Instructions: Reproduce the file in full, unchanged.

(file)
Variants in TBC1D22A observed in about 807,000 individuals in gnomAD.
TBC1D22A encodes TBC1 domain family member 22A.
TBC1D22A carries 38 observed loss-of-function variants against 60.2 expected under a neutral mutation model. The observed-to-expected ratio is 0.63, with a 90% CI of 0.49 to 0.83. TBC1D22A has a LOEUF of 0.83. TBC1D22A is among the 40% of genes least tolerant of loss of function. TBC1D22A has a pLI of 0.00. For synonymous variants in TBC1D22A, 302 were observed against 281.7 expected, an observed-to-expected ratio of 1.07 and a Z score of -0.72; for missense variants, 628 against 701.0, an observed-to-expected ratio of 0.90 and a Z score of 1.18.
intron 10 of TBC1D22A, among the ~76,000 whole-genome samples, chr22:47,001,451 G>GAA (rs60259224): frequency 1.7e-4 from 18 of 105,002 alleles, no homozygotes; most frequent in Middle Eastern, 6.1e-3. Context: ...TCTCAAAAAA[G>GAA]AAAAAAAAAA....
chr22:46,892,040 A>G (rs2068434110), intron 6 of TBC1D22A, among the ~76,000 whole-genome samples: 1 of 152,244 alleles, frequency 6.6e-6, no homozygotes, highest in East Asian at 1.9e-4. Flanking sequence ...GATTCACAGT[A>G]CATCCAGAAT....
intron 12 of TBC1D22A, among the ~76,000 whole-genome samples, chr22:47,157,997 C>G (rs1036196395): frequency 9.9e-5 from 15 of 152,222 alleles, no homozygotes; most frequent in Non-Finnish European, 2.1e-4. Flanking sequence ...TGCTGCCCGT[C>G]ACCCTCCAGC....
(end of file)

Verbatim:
Variants in TBC1D22A observed in about 807,000 individuals in gnomAD.
TBC1D22A encodes TBC1 domain family member 22A.
TBC1D22A carries 38 observed loss-of-function variants against 60.2 expected under a neutral mutation model. The observed-to-expected ratio is 0.63, with a 90% CI of 0.49 to 0.83. TBC1D22A has a LOEUF of 0.83. TBC1D22A is among the 40% of genes least tolerant of loss of function. TBC1D22A has a pLI of 0.00. For synonymous variants in TBC1D22A, 302 were observed against 281.7 expected, an observed-to-expected ratio of 1.07 and a Z score of -0.72; for missense variants, 628 against 701.0, an observed-to-expected ratio of 0.90 and a Z score of 1.18.
intron 10 of TBC1D22A, among the ~76,000 whole-genome samples, chr22:47,001,451 G>GAA (rs60259224): frequency 1.7e-4 from 18 of 105,002 alleles, no homozygotes; most frequent in Middle Eastern, 6.1e-3. Context: ...TCTCAAAAAA[G>GAA]AAAAAAAAAA....
chr22:46,892,040 A>G (rs2068434110), intron 6 of TBC1D22A, among the ~76,000 whole-genome samples: 1 of 152,244 alleles, frequency 6.6e-6, no homozygotes, highest in East Asian at 1.9e-4. Flanking sequence ...GATTCACAGT[A>G]CATCCAGAAT....
intron 12 of TBC1D22A, among the ~76,000 whole-genome samples, chr22:47,157,997 C>G (rs1036196395): frequency 9.9e-5 from 15 of 152,222 alleles, no homozygotes; most frequent in Non-Finnish European, 2.1e-4. Flanking sequence ...TGCTGCCCGT[C>G]ACCCTCCAGC....